We understand the connection between our ingredients and the health of you and your baby.  We are on a mission to make our products as natural as possible, never using any artificial flavors, colors, or sweeteners and we are continuously working with our suppliers to replace vitamins and mineral sources with natural product forms that are non-GMO, organic, and sustainable.


Women who are trying to conceive, pregnant, or breastfeeding have increased nutritional requirements that should be supplemented through a healthy diet composed of meat, fish, vegetables, and whole grains in combination with the best prenatal multi-vitamin supplement.  At eauLife®, we want to not only provide the best prenatal supplements available, but also to educate women on the importance of the vitamins and minerals we use and the natural food sources where they can consume as a part of a healthy diet.



Take a minute to discover the vitamins and minerals in glë, learn why they are so special, and where they can be found in nature as a part of a balanced diet.


Dietary Sources: dark leafy greens, asparagus, broccoli, seeds, nuts, citrus fruits, and avocado.  Folic acid or folate has been shown to dramatically reduce the incidence of NTDs (neural tube birth defects) such as spina bifida. Unfortunately, these birth defects occur soon after conception, before women even know they are pregnant. Low folic acid levels present a risk even later during your pregnancy increasing the potential for preeclampsia, premature delivery, low birth weight, and other complications. Because of this, many doctors strongly recommend that all women take some type of supplemental folic acid very early while trying to conceive and continue throughout their pregnancy.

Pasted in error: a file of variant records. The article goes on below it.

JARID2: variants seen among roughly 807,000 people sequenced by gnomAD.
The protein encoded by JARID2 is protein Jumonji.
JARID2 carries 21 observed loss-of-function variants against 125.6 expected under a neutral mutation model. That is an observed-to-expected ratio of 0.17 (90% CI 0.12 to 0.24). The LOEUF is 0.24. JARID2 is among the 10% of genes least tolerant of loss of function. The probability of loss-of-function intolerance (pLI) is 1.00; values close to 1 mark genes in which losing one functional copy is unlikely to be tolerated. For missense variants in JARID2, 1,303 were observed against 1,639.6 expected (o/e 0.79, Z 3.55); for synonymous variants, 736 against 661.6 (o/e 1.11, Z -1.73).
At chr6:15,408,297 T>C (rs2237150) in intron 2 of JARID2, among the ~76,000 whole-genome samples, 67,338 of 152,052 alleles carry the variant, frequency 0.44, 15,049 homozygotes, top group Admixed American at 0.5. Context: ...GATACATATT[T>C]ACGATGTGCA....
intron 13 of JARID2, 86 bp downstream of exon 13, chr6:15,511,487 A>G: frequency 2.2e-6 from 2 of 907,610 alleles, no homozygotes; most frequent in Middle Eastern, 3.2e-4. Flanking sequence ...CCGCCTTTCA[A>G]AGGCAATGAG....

Dietary Sources: salmon, fish oil, and flax seed.  Certain fatty acids are needed during pregnancy and breastfeeding, particularly DHA in support of healthy brain and eye development.


Dietary Sources: fish, poultry, red meats, lentils, beans, and spinach.  Your blood supply nearly doubles during your pregnancy, and your Iron requirements increase dramatically, so that red blood cells can transport oxygen to support the growth of the fetus and placenta. Many women are deficient in iron, and the dietary requirements can be as high as 27mg per day. Ask your doctor about your iron dietary supplementation requirements in conjunction with taking glë.



Dietary Sources: Vitamin B6 - fish, beef liver, poultry, non-citrus fruits, and starchy vegetables such as potatoes.  Vitamin B12 - fish, meat, poultry, eggs, milk products and fortified breakfast cereals Vitamins B6 and B12 have many functions in the body, and have been used for decades to treat the symptoms of morning sickness including nausea and vomiting that many women experience during pregnancy. Low B12 has also been associated with pre-eclampsia, low birth weight, and other complications.


Dietary Sources: almonds, raw seeds, swiss chard, mustard greens, spinach, turnip greens, plant oils, avocado, broccoli, and papaya.  Vitamins C and E are antioxidants important in the prevention of such conditions as pre-eclampsia as well as help during conception through the production of adequate cervical mucous.


Dietary Sources: fatty fish, beef liver, cheese, and egg yolks.  Vitamin D supplementation is required throughout your pregnancy to achieve levels sufficient to benefit fetal and maternal health. Sunlight exposure is the main source of Vitamin D and it is found in very few foods in sufficient amounts. 



Dietary Sources: almonds, carrots, yeast, grains, cold water fish, walnuts, halibut, spinach, chicken, meat, seafood, and yogurt.  Biotin is utilized for a process known as “biotinylation”. Rapidly dividing cells of a developing fetus require Biotin for synthesis of essential enzymes and proteins. Biotin appears to be broken down more rapidly during pregnancy, so supplementation is often needed to meet the increased demands and avoid potential associated birth defects.  It is important to ensure adequate biotin intake before conception and throughout your pregnancy.